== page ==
Empowering women and making gender equality a reality should be a priority
and UNDP also recognizes this that women's empowerment and gender equality
are cross-cutting issues that lie at the heart of human development. Equal rights
have been demanded and promised for generations but last year a shift occurred
in the women’s movement, across Asia-Pacific, and around the world women
demonstrated to condemn a status quo that continues to deprive too many women
of respect and equal opportunity.

Improving education and health coverage is imperative and women generally
living in rural areas are more at a disadvantage because of high mortality rates this
places women at an unequal position in the labor market, the data shows that over
the past thirty years female labor market participation has declined in the Asia-
Pacific region. To overcome this a bold move is undertaken by the United Nations
Economic Social Commission, which includes gender-responsive budgeting.
This step is a great contribution to reducing the burden of unpaid work enhancing
women’s opportunities for leadership in the workplace and in political and public
life. Equality at work goes hand in hand with gender equality in society even
though noticeable advancement comes unless and until the traditional attitudes
that define women’s primary role is in the home are shattered efforts will still be
overlooked and undermined.

Proper statecraft is required to address this inequity challenge, it requires to
dismantle several barriers along with it working companies should also provide
flexible working options. Regional collaboration should be pursued to achieve
gender equality in the Asia-Pacific region because regional partnerships are
generally established around shared goals that can give national and local efforts
more momentum. What boosts this gender inequity challenge is that the region
lacks that journey towards gender equality giving equal status to women in a
leadership position will craft a path towards equality, as more laws and regulations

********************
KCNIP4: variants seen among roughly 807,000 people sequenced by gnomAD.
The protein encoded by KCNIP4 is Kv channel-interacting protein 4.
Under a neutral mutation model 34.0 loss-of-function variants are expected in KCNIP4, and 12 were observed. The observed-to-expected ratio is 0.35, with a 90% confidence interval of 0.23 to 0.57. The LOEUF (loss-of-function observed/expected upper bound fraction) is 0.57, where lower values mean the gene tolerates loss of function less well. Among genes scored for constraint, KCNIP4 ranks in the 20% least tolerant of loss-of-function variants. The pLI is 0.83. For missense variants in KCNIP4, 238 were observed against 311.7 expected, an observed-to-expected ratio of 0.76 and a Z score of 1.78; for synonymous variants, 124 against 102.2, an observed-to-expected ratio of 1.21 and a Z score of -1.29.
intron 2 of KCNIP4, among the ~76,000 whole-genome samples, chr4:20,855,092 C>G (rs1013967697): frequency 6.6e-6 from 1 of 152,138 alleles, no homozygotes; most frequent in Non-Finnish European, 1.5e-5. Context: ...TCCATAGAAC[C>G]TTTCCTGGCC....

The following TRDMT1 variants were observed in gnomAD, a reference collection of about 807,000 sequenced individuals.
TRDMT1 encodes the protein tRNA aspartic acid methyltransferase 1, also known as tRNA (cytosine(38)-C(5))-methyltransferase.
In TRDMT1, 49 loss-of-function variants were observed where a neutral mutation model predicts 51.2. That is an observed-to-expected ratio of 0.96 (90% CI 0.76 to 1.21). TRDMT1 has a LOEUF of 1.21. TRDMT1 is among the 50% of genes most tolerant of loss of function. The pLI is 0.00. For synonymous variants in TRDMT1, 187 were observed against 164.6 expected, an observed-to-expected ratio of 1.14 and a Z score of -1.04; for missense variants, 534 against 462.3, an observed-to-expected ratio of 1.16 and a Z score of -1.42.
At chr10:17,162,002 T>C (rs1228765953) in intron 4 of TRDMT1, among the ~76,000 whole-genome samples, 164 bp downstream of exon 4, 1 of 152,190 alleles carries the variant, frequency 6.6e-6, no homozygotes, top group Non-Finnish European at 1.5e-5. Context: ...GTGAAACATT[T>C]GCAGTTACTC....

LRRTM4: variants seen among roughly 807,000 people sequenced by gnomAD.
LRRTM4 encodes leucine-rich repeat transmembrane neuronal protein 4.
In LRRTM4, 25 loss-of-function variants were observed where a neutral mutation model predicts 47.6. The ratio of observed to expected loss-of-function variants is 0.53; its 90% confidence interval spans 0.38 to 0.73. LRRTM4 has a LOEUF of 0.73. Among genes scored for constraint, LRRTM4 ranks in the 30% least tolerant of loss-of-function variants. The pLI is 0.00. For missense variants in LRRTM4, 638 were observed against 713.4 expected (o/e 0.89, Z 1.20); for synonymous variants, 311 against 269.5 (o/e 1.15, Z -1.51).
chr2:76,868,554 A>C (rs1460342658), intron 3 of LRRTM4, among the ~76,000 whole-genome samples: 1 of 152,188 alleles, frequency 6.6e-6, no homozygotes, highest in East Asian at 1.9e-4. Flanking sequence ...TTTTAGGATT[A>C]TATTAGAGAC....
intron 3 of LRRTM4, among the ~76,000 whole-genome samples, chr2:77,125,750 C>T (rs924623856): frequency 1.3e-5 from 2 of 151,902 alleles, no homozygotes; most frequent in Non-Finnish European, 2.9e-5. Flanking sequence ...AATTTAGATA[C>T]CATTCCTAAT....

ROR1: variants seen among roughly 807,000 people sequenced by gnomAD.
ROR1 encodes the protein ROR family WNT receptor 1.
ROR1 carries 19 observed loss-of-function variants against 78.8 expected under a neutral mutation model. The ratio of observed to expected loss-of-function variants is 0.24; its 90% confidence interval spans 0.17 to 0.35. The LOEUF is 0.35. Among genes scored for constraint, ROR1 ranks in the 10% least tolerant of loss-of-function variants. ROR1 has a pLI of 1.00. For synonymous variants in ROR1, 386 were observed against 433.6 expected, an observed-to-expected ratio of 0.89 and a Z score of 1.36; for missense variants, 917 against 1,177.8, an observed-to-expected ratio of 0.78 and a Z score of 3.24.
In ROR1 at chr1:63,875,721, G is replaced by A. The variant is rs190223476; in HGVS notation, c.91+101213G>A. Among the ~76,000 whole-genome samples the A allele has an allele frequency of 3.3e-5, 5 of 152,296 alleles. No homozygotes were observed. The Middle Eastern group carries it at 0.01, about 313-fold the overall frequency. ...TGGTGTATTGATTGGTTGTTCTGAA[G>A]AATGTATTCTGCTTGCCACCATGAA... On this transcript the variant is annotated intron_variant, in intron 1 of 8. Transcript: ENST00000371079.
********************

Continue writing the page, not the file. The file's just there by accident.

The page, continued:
will be drafted as per the convenience of women’s. Efforts and more opportunities
should be provided to women entrepreneurs with better access to finance and ICT
that can keep them in work enabling their businesses to innovate. These businesses
will be like incubators for future generations of women’s leaders.

Georgette Tan, Master Card’s group head of communications for the Asia-
Pacific region said that although opportunities exist for women to pursue higher
education, labor market conditions are not always conducive for women. While
women in 10 out of 16 Asia-Pacific markets surveyed outnumbered men in tertiary
education, New Zealand (50.6) and the Philippines (50.1) are the only markets
with more than 50 women for every 100 men in leadership positions. According
to the United Nations, limited women’s work participation in the Asia-Pacific
region costs an estimated $89 billion per year so besides education much needs to
be done to achieve equality and empowerment in this segment. Another issue that
needs to be addressed will be that countries in Asia-Pacific will face the ageing
issue, from 2016-2050 the number of older persons in the region is expected to
more than double from 547 million to 1.3 billion. Ageing has a gender dimension
in Asia-Pacific, the demographic trends show that more women than men will
join the old age cohorts and because women face cultural and economic obstacles 
to participate in society the cumulative effect of discrimination will be onerous
towards older age.

The solution lies in innovation, the policymakers need to address these
challenges and overcome the gender inequity problem so that women can also
work as their male counterparts in all the sectors of society.